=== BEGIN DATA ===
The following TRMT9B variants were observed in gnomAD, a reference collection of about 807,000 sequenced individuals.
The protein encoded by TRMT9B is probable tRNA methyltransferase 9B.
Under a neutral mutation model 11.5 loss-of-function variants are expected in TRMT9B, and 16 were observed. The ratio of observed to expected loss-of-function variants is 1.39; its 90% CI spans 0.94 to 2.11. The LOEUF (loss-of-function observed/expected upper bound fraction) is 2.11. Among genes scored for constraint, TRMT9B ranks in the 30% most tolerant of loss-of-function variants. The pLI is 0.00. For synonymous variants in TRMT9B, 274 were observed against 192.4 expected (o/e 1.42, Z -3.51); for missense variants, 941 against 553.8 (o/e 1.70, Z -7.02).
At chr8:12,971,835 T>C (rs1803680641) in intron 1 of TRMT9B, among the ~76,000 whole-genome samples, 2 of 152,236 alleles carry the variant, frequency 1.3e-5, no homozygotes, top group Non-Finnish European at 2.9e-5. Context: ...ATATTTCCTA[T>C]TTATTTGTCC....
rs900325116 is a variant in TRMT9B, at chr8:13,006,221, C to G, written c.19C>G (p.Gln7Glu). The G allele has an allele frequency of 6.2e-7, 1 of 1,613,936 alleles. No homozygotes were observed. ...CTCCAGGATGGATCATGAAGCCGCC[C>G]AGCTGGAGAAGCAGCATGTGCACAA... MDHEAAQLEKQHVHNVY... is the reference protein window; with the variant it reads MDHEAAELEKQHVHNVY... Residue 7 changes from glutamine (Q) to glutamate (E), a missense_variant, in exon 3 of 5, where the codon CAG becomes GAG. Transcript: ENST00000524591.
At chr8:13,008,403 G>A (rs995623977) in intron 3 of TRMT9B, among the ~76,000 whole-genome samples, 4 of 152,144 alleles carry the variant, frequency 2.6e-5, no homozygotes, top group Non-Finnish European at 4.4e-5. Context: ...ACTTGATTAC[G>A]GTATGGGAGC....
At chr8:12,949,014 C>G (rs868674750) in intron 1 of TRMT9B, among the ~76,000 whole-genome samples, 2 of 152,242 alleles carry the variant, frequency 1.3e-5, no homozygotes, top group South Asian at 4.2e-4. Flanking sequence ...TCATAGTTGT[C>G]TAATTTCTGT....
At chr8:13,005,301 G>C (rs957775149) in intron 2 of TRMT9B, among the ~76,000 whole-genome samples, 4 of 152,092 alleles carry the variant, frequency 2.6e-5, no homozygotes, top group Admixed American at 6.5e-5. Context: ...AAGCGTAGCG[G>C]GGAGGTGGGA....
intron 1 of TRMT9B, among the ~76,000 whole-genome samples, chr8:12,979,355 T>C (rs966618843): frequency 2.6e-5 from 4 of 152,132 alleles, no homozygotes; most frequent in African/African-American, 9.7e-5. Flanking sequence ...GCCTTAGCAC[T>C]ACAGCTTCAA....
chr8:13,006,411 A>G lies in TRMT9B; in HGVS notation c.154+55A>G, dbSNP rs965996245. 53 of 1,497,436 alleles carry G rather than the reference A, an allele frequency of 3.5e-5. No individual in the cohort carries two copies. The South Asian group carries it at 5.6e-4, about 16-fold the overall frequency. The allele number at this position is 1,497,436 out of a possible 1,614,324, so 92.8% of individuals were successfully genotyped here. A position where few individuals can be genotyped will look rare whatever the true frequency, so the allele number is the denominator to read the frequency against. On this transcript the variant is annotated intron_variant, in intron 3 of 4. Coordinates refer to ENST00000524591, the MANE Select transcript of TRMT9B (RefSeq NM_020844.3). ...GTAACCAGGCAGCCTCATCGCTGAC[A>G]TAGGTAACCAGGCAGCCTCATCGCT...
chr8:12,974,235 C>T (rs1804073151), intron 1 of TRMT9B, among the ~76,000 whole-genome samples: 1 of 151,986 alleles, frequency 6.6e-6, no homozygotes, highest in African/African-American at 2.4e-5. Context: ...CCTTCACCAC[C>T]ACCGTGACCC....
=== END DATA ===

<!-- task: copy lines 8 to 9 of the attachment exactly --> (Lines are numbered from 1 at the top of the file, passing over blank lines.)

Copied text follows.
At chr8:13,005,301 G>C (rs957775149) in intron 2 of TRMT9B, among the ~76,000 whole-genome samples, 4 of 152,092 alleles carry the variant, frequency 2.6e-5, no homozygotes, top group Admixed American at 6.5e-5. Context: ...AAGCGTAGCG[G>C]GGAGGTGGGA....
intron 1 of TRMT9B, among the ~76,000 whole-genome samples, chr8:12,979,355 T>C (rs966618843): frequency 2.6e-5 from 4 of 152,132 alleles, no homozygotes; most frequent in African/African-American, 9.7e-5. Flanking sequence ...GCCTTAGCAC[T>C]ACAGCTTCAA....